Saturday 08 January 2022
Washington – (BBC):
US Secretary of State Anthony Blinken has warned of the consequences of Kazakhstan’s decision to request Russian military assistance to deal with the ongoing wave of violent unrest.
Dozens have been killed in protests caused by rising fuel prices in Kazakhstan, but Blinken said Washington believes Almaty can handle the protests on its own.
He told reporters it was not clear why the Russian military deployment was taking place.
The first batch, of an estimated force of about 2,500 soldiers, arrived in Kazakhstan.
Officials in Moscow stressed that the deployment of its forces within the framework of the Collective Security Treaty Organization, a Eurasian military alliance bringing together five former Soviet republics and Russia, is a temporary measure.
President Kassym Tokayev made a request for help after protesters stormed the mayor’s office in Almaty, Kazakhstan’s largest city, and overran the city’s airport.
But the US Secretary of State warned in comments to reporters that “one of the lessons from recent history is that once the Russians arrive at your house, it is sometimes very difficult to persuade them to leave.”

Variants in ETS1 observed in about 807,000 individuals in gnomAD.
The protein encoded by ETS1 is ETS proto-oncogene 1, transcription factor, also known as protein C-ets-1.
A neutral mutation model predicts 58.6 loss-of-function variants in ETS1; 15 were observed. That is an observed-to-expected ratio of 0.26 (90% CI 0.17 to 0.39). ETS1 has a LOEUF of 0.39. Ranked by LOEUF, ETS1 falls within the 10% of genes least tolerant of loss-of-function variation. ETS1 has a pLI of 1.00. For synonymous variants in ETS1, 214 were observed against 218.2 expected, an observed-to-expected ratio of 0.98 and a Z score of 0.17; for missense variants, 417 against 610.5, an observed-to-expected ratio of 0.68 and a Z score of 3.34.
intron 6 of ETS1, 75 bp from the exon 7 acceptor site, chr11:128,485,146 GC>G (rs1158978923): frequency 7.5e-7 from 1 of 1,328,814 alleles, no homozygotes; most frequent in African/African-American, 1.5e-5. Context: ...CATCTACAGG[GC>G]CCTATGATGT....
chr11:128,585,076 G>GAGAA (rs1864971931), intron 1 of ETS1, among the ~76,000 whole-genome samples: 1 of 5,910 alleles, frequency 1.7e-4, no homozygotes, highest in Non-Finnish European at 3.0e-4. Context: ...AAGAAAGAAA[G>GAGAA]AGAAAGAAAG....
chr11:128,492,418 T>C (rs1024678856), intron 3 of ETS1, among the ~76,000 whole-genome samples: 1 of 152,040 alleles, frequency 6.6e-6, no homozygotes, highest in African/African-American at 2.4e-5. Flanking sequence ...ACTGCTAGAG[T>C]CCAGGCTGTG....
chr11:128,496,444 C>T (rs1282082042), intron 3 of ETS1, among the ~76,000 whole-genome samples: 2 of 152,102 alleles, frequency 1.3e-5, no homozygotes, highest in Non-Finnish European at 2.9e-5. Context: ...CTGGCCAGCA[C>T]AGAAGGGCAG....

“It seems to me that the authorities and the government in Kazakhstan certainly have the ability to adequately handle the protests in a way that respects the rights of the protesters while maintaining law and order,” Blinken said.
“So it is not clear why any outside help is felt. So we are trying to find out more about it,” he added.
Some Russian paratrooper units have already arrived in the country, and on Friday helped local forces retake the airport from protesters.
Meanwhile, Kazakh forces took drastic measures to regain control of Almaty. On Thursday, local media published videos showing government forces opening fire on protesters.
The Interior Ministry says that 26 “armed criminals” and 18 security officers have been killed so far in the clashes, and President Tokayev blamed the unrest on what he described as foreign “terrorists”.
Mass protests erupted on Sunday when the cost of liquefied petroleum, used by many people in Kazakhstan, doubled.
The government has since said that fuel price caps will be reinstated for six months. But the announcement failed to end the protests, which have widened to include other political grievances.
There is no effective political opposition in Kazakhstan, and the ruling party wins most elections with nearly 100 percent of the vote. The country’s former president, Nursultan Nazarbayev, ruled the country for 29 years and has retained significant power since leaving office.
Tokayev has now dismissed him from his post as head of the country’s Security Council.
Kazakhstan: basic information
Its location: Kazakhstan borders Russia to the north and China to the east, and its area is equal to all of Western Europe.
Importance: It contains huge natural resources, including 3 percent of the world’s oil reserves, as well as coal and gas. It is a Muslim country with a large Russian minority.
Recent Developments: There were protests over fuel prices that shook the government, and led to resignations in the hierarchy of power, and bloody repressions.